Teaching children to ask for forgiveness can take a much longer time, then teaching them to forgive.  No one likes to admit they are wrong, so apologizing can be a hard a thing, regardless of the age. It is especially true if asking for forgiveness hasn't been something that you have grown up doing.

Teaching Children to Ask For Forgiveness - Child offend each other a lot. Recognizing their own mistakes aren't easy unless it is taught. These tips will help! | www.joyinthehome.com

Teaching Children to Ask for Forgiveness

If you listen to people who aren't comfortable about admitting their wrong, whether it was intentional or by accident, they will tell you ‘I'm not good at apologizing'.

This response is one that I have heard time and time again. My own husband has said it to me many times when we were first married. The good thing about it is the more a person does it, the easier it becomes.

All this proves to me that ‘asking for forgiveness' is something that must be taught to be part of a person character. The longer a person ages without this ability, the more they struggle with the simple acknowledgment of being wrong, regardless of the motive or lack of one.

Teaching children to forgive is the best time to start, and is easier than you can imagine!

  • Identify what they have done wrong.  Many times children are not aware of what they have done wrong, until they have learned what is offensive to others. Each of us are created with selfish inclinations and it is only through focused learning that these traits can be identified. I would say something like, “Taking that toy away from your friend is being selfish. When you are selfish, you are not a good friend, because that has hurt their feelings.” This empowered my children to understand why not sharing could hurt their friend.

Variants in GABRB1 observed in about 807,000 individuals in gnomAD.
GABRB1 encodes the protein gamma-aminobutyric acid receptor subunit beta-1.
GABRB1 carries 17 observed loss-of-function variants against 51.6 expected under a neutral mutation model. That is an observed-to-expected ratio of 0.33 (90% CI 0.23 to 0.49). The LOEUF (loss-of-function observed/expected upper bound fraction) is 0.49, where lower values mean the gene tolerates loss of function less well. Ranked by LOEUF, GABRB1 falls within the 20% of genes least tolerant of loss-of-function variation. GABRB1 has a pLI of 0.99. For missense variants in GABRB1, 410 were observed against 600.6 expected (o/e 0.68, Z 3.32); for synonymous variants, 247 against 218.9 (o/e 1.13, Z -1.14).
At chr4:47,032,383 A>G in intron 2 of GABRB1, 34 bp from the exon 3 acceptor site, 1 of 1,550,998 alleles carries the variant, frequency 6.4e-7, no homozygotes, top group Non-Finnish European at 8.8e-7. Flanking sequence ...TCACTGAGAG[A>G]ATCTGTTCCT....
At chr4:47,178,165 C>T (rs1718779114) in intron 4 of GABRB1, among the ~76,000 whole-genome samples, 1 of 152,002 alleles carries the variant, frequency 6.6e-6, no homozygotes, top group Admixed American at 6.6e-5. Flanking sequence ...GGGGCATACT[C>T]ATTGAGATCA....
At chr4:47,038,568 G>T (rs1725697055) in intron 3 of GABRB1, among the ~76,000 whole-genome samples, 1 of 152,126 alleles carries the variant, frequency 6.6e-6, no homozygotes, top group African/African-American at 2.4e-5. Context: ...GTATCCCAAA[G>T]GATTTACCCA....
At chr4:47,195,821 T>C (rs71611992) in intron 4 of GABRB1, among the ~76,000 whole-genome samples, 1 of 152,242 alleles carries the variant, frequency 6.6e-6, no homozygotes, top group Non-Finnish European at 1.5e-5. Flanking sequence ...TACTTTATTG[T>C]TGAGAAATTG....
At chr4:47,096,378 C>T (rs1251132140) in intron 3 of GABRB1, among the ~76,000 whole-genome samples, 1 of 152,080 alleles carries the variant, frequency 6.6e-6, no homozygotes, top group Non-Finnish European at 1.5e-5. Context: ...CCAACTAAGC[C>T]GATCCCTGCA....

• Ask them how it would feel if it was done to them. Young children live with their whole hearts involved in all they do.  Being aware of this, I have used this in asking my children what they would feel like if the same action was done to them. They are often quick to seeing why it hurt the other one and are more likely to work on being more kind because they have been able to associate with the feelings.
  • Start with God's forgiveness.  My children have learned at an early age that God's forgiveness is so important to making our actions better. When my children have hurt another, we have them ask God to forgive and help them to do better next time. When they have prayed and are forgiven they feel so much better.
  • Require a genuine apology. Once they have prayed for forgiveness, an apology is so easy for them to ‘ask for forgiveness'.  Our children have grown using, “Will you forgive me for __________?” verses the normal “I'm sorry” that is part of our culture. I may be silly in doing this with them, but in my experience a call for forgiveness is so much easier to walk through than a generic ‘I'm sorry'.  The harmony it brings between them proves it to me.
  • Examine Their Own Actions. As parents, we are quick to tell our children what they have done wrong. As my children grow past the formative years, I start letting them stretch their wings by having them identify what actions need to be apologized for and with whom they need to seek it. We call this ‘confessing your sins'.  It is always easier when someone points out to you where they offended you, but it is very important for people to learn to discern their relationships and how they interact with each other.

The best way to teach children to ask for forgiveness is to be an example. I can't tell you how often I have had to apologize to my children for my lack of self-control when raising my voice, or not giving them my full attention. When they see me apologizing, it makes it clear in their mind what it looks like, and how it makes the other feel for being cared for in this way.

I have even had my children overhear me apologizing to friends for my short comings, so they can see how it is done with people outside of our own house.


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